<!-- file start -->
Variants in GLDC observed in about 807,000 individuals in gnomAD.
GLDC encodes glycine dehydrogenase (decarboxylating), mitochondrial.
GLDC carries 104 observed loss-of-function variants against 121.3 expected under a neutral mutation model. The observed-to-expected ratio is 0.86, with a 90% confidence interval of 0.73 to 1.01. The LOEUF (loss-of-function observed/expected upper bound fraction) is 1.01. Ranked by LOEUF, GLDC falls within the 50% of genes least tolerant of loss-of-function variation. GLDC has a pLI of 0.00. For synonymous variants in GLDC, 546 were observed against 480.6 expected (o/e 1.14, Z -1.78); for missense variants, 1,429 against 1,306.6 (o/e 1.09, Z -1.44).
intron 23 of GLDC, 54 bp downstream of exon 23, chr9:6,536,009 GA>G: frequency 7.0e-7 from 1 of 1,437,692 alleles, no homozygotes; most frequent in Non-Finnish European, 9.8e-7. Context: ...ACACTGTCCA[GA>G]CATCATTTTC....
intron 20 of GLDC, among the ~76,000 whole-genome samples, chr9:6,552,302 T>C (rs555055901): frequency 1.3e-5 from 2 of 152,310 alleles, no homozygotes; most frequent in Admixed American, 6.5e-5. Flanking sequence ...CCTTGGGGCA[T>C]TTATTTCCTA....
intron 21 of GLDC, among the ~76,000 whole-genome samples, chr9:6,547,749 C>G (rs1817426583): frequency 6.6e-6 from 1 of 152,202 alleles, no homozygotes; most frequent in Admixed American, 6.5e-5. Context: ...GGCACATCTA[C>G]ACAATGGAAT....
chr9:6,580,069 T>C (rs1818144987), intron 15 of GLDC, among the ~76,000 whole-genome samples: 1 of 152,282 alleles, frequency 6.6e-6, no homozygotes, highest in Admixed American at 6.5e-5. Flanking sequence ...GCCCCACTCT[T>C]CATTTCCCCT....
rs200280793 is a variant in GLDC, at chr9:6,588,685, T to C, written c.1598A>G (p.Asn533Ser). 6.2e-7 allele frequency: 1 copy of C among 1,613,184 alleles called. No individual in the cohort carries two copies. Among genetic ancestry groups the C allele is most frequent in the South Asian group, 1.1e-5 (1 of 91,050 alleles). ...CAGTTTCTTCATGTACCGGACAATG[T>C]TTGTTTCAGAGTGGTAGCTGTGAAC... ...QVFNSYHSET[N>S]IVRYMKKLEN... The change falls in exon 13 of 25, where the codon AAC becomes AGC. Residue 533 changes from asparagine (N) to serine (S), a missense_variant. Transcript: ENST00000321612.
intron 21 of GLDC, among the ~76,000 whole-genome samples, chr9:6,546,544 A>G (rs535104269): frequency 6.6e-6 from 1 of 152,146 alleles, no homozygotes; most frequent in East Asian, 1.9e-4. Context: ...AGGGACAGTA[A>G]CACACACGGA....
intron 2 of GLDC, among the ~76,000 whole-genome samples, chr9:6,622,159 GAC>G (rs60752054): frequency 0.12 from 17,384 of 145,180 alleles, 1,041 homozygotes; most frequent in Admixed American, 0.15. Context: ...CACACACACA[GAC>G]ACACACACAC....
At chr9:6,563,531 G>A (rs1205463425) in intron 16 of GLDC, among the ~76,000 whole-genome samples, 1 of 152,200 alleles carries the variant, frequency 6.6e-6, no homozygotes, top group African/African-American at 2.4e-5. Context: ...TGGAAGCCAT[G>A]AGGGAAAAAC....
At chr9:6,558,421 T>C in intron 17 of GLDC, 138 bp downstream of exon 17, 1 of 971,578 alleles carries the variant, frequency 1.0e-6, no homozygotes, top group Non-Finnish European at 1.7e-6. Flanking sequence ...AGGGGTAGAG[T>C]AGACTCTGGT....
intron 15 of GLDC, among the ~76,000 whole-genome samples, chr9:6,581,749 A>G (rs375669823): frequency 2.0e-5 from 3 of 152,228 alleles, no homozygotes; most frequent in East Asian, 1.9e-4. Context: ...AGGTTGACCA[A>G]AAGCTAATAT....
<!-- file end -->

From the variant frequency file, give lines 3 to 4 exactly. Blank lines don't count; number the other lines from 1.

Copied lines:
GLDC carries 104 observed loss-of-function variants against 121.3 expected under a neutral mutation model. The observed-to-expected ratio is 0.86, with a 90% confidence interval of 0.73 to 1.01. The LOEUF (loss-of-function observed/expected upper bound fraction) is 1.01. Ranked by LOEUF, GLDC falls within the 50% of genes least tolerant of loss-of-function variation. GLDC has a pLI of 0.00. For synonymous variants in GLDC, 546 were observed against 480.6 expected (o/e 1.14, Z -1.78); for missense variants, 1,429 against 1,306.6 (o/e 1.09, Z -1.44).
intron 23 of GLDC, 54 bp downstream of exon 23, chr9:6,536,009 GA>G: frequency 7.0e-7 from 1 of 1,437,692 alleles, no homozygotes; most frequent in Non-Finnish European, 9.8e-7. Context: ...ACACTGTCCA[GA>G]CATCATTTTC....